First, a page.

Monday, November 20, 2006

Ignatieff interview on Radio-Canada: Whatever!

In the first of a series of reports on the four main candidates in the Liberal leadership race, Michael Ignatieff was on Radio-Canada tonight, interviewed by Patrice Roy. Here are a few kibbles and bits.

On Lebanon: Asked how he could declare one day that he “wasn’t losing sleep over Qana” and then state, shortly after, that what took place in Qana was a “War Crime”, Iggy answered that three weeks had elapsed between those two declarations. “I learned a lot of things during those three weeks; you have to understand how politics work.”

If Iggy actually needs to “learn his trade” to know where he stands on issues such as the Qana bombings, I’m not impressed.

On the Afghanistan question: Iggy justified his vote in favour of extending our mission until 2009 this way: “Our brave men and women need to know that we are behind them.” In other words, if you’re against our mission in Afghanistan, you’re not supporting the troops. Sounds like Bush-talk to me.

On the nation notion: we were shown an extract from Iggy’s 1993 “Blood and Belonging” documentary. Referring to a French Canadian hockey player named (I think) Denis Rousseau, here’s what Iggy had to say: “Rousseau and I have a lot of things in common. But we don’t share the same nation, because I am English and he is French. Because we don’t share the same nation, we can’t love the same state.”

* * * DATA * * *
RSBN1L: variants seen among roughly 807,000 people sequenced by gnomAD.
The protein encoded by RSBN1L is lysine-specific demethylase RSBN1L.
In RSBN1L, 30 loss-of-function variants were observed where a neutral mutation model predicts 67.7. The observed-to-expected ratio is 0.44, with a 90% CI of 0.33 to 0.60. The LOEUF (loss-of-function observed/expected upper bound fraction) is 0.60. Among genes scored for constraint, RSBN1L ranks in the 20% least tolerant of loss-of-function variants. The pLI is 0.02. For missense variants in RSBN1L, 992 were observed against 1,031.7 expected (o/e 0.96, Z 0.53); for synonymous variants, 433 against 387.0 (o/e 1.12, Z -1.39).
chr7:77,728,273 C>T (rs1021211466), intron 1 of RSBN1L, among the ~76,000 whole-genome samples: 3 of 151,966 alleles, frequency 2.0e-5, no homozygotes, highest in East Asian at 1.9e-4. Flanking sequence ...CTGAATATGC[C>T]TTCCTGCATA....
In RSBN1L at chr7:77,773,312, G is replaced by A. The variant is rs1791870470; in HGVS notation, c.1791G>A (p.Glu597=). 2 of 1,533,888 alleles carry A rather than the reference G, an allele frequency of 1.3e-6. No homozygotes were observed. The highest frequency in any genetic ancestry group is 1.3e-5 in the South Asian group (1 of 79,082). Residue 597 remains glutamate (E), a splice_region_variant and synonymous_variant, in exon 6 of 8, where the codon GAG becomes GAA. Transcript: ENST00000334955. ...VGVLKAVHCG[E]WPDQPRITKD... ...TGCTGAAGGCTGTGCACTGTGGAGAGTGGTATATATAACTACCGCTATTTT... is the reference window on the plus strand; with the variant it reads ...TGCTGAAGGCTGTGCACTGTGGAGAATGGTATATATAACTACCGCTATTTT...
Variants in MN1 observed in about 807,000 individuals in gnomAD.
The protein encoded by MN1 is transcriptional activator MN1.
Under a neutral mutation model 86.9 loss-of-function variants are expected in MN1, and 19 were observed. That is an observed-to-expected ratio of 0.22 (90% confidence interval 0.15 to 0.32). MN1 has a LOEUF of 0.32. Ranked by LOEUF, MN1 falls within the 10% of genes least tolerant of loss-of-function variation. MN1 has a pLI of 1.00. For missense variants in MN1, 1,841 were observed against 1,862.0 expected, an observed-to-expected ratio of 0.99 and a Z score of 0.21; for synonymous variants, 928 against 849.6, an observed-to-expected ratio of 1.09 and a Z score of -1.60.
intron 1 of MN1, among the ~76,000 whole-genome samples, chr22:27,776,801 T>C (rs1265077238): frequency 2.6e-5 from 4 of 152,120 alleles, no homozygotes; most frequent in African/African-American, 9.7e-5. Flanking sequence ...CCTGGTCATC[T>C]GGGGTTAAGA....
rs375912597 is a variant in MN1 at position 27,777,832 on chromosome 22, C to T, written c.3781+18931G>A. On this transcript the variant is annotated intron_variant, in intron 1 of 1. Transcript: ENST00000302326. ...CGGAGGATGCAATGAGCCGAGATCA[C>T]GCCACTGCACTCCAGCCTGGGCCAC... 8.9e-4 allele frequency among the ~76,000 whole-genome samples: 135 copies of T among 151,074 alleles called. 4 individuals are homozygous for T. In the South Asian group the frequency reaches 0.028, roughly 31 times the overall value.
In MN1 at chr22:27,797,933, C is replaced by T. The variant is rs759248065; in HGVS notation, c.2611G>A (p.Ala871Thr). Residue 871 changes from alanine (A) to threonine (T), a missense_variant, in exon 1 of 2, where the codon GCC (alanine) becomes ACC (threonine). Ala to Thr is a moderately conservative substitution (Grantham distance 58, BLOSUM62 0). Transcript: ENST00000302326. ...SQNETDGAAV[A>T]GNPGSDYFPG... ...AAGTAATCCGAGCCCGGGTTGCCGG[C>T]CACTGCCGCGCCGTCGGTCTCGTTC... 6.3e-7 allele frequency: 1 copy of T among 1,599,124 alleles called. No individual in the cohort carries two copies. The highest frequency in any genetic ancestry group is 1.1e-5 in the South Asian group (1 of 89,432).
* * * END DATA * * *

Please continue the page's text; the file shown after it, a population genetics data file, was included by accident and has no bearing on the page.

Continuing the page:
What does that mean exactly? I’m a born and bred Montreal French Canadian, and I love Canada as much as the next guy, whether he lives in Toronto or Caraquet. However, Michael Ignatieff now contends that Québec itself is a nation. So, is it a language thing, or a territorial thing? Is my Anglophone next-door neighbour part of the nation? Did Mr. Ignatieff just change his mind? Did his years abroad blur his mind? Does he actually know what he’s talking about?

Finally, without being asked, Mr. Ignatieff states that “I say what I mean: I’m no adventurer in politics!” I’m sorry, but the more I hear him talk, the more I believe that politics is indeed just another adventure in Iggy’s life. And frankly, I don’t know what he means or thinks.

Two Tails down,



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